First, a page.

Let’s say you sell surf gear, from wetsuits to board wax, and your target audience is made up of sunshine chasing surfers. A major problem for all surfers is that surfboards can be quite slippery, which is a real pain when you’re trying to balance on top of it as you’re riding a wave.
Hardy surfboard wax.
But your potential customers may not know that yet, or if they do, they’re not sure what to look for in a wax. So they head to the world wide web to learn more about how to create a stickier surface on their boards, which types of wax work best, and how to apply it. They might even just type into Google: How to make surfboard not slippery
Teach a man to wax a surfboard, and he might buy from you tomorrow
And as a business owner that sells board wax, you are inclined to answer all of these questions through blog posts and social media.
It is how your target audience will first learn about your brand and learn to trust it. It is where customer engagement begins and how customer loyalty develops. This is the very basis of content marketing and is an extremely important part of the customer life cycle.
Key Takeaway: Develop content marketing strategies to meet your customers in this engagement and education phase.
3. Evaluation Phase
When your potential customers finally find a solution to their problem (in the example above, the solution would be surfboard wax), then they will begin the process of evaluating all of the different products that can serve as a solution.
This is when they will begin comparing different brands of wax.
By this point, you will have developed some brand loyalty with your audience, making your brand a top contender for your potential customer. At this point, consumers will be poking around your website, reading the product features and benefits to see if your product or service will satisfy their need the best.
Which is why it is super important to have well-written category pages and product descriptions. A solid product description can close the sales process, turning a curious shopper into an active customer.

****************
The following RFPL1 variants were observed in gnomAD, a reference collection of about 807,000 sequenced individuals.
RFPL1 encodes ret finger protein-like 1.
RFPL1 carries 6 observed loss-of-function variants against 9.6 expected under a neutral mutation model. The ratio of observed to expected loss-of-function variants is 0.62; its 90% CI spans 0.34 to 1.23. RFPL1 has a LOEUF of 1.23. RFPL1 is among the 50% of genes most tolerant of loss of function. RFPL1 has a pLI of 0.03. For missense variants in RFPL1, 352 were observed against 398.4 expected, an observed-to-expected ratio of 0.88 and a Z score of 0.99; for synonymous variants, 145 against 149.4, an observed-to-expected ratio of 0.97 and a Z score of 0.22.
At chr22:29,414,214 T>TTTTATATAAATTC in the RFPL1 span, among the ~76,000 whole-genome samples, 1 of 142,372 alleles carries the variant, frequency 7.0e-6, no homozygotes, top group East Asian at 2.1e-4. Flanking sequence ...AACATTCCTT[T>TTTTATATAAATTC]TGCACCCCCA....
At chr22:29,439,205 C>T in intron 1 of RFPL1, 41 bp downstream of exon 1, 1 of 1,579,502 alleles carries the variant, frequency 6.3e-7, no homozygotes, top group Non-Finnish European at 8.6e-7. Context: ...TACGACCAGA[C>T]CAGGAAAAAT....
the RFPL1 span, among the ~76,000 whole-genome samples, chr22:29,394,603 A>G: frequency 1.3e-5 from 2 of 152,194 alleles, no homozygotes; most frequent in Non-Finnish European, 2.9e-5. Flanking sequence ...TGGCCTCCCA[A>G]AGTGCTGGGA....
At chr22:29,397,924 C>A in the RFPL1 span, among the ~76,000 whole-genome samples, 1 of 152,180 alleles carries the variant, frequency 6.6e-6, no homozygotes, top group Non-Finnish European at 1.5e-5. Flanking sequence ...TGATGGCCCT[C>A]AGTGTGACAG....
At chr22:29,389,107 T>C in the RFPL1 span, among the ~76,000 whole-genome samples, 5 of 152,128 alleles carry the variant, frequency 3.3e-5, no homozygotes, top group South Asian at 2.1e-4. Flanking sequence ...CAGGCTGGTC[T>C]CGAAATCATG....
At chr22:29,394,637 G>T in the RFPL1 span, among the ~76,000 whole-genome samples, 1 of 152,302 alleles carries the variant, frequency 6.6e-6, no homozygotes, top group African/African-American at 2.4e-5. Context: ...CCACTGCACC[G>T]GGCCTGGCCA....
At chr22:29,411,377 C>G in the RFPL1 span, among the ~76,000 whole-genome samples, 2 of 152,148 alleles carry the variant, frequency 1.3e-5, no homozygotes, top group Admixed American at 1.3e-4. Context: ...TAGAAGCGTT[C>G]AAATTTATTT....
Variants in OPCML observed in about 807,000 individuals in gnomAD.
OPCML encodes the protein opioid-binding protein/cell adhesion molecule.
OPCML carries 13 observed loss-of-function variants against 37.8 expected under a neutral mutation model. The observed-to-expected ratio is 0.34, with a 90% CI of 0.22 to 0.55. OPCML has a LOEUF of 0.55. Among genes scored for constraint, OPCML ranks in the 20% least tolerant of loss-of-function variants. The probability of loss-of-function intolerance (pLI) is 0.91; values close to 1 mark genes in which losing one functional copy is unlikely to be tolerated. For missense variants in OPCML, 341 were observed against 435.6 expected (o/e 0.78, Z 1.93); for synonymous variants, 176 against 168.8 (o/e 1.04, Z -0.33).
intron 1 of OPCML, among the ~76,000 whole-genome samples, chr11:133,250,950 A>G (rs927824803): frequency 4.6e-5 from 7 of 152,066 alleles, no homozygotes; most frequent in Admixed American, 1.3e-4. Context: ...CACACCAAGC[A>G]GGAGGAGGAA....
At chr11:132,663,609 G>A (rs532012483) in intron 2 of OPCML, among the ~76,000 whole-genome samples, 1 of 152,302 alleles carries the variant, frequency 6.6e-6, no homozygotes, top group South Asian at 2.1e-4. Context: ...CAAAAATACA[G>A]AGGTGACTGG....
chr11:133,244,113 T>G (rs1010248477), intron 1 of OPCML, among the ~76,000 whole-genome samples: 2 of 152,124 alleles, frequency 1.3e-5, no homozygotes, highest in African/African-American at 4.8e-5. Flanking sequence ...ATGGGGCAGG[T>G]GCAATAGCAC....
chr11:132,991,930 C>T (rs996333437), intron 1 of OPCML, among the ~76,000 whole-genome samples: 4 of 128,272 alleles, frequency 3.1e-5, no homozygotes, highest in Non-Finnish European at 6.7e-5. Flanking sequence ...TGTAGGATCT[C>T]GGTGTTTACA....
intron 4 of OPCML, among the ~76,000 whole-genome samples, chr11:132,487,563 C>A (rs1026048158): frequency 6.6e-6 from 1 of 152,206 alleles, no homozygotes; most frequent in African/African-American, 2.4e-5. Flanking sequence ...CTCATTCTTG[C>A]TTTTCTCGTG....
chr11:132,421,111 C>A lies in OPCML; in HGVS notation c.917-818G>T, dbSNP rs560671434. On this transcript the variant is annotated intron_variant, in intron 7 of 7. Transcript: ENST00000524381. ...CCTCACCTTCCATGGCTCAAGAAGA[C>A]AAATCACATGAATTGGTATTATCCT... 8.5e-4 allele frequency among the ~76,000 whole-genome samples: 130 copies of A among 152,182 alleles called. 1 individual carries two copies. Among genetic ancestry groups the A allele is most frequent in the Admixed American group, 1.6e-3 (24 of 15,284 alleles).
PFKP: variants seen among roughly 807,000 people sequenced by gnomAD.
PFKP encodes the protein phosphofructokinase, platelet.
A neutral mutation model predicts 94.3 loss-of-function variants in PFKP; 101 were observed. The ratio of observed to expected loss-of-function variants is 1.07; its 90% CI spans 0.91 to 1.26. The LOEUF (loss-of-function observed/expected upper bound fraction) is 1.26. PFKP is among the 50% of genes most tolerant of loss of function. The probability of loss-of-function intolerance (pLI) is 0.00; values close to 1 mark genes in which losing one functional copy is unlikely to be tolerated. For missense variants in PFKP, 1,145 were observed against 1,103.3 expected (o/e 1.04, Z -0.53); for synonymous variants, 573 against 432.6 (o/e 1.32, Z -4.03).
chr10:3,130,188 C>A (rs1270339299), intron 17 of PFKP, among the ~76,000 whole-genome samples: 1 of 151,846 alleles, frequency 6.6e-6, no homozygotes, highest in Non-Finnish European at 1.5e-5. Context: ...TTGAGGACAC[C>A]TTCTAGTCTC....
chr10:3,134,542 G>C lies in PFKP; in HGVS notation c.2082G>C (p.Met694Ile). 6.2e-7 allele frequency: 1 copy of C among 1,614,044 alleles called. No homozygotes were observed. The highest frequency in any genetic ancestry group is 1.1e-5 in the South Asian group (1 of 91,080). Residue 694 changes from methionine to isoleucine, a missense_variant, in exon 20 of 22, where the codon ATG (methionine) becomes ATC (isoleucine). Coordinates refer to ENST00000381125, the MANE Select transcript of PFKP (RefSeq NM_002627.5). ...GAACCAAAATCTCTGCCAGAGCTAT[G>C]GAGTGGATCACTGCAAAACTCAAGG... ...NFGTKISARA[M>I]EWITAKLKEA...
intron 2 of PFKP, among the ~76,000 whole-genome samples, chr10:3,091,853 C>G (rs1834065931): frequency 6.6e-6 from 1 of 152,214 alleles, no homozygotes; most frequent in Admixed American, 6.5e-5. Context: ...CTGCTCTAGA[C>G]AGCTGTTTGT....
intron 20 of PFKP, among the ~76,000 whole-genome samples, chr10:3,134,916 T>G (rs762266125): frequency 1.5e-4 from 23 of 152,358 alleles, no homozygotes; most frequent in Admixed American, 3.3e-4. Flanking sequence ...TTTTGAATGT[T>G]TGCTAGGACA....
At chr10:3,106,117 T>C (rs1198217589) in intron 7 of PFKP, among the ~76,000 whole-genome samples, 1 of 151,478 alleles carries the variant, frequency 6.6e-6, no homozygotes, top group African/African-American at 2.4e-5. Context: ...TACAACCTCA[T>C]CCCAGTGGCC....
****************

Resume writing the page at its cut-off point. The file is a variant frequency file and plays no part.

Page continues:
Sivana Spirit provides a great product description that not only details the quality features of the product but also the beautiful story behind it, touching on all points that might sway the potential buyer into making a purchase.
Key Takeaway: Write solid product descriptions to increase the conversion rate of visitors to your site, or to encourage them to order from your menu
4. Purchase Phase
By the time consumers decide to make a purchase, your only job is to make the purchasing process as easy as possible. You can do this with a healthy website, clear calls to action, and secure processing.
After all, the easier it is to purchase a product, the more likely your customer will do it.
The best part?
The better the overall customer experience, the more likely your customer will return to make another purchase in the future. This is the core idea of customer retention and is perhaps the single most important aspect of sustainable growth for any business, both online and in a storefront.
Amazon, for example, makes it as easy as possible to make a purchase. Once you enter all of your details, you can make a purchase with just one click, making impulse buys a major source of revenue for the major business.
Key Takeaway: Make the customer experience as easy as possible to increase customer loyalty and customer retention.
5. Advocacy Phase
The easiest way to grow your business over the long term is to create loyal customers out of your existing customer base.
Because they will tell their friends and family about your products and brand for free, increasing future sales and decreasing overall marketing costs.
They will showcase your product on social media, share their experience with others, and practice all natural (and free) word-of-mouth marketing.
ReferralCandy makes that exceptionally easy to do by providing an easy word-of-mouth marketing rewards program for businesses to use with their customers.
Key Takeaway: Provide a positive experience to your customers for long-term and sustainable growth.
Customer Lifecycle Marketing
Now that you know all about the customer lifecycle, from first encountering your brand to bragging about it to friends and family, it’s time to ramp up your marketing campaigns to support this process and reinforce your sales funnel.
Because 80 percent of your future profits will come from 20 percent of your existing customers, making customer retention an easy way to grow your business steadily over the long term.
Understanding the customer lifecycle stages will inform your marketing tactics, making your marketing efforts way more efficient. It will help you increase conversion rates and develop long-term relationships with your active customers.
After all, it is far easier to improve customer retention than it is to bring in new customers.
Coming up with a customer lifecycle marketing strategy to support all of your marketing tactics will help you do just that.
What tactics do you use to move your customers along the customer lifecycle? Let us know in the comments!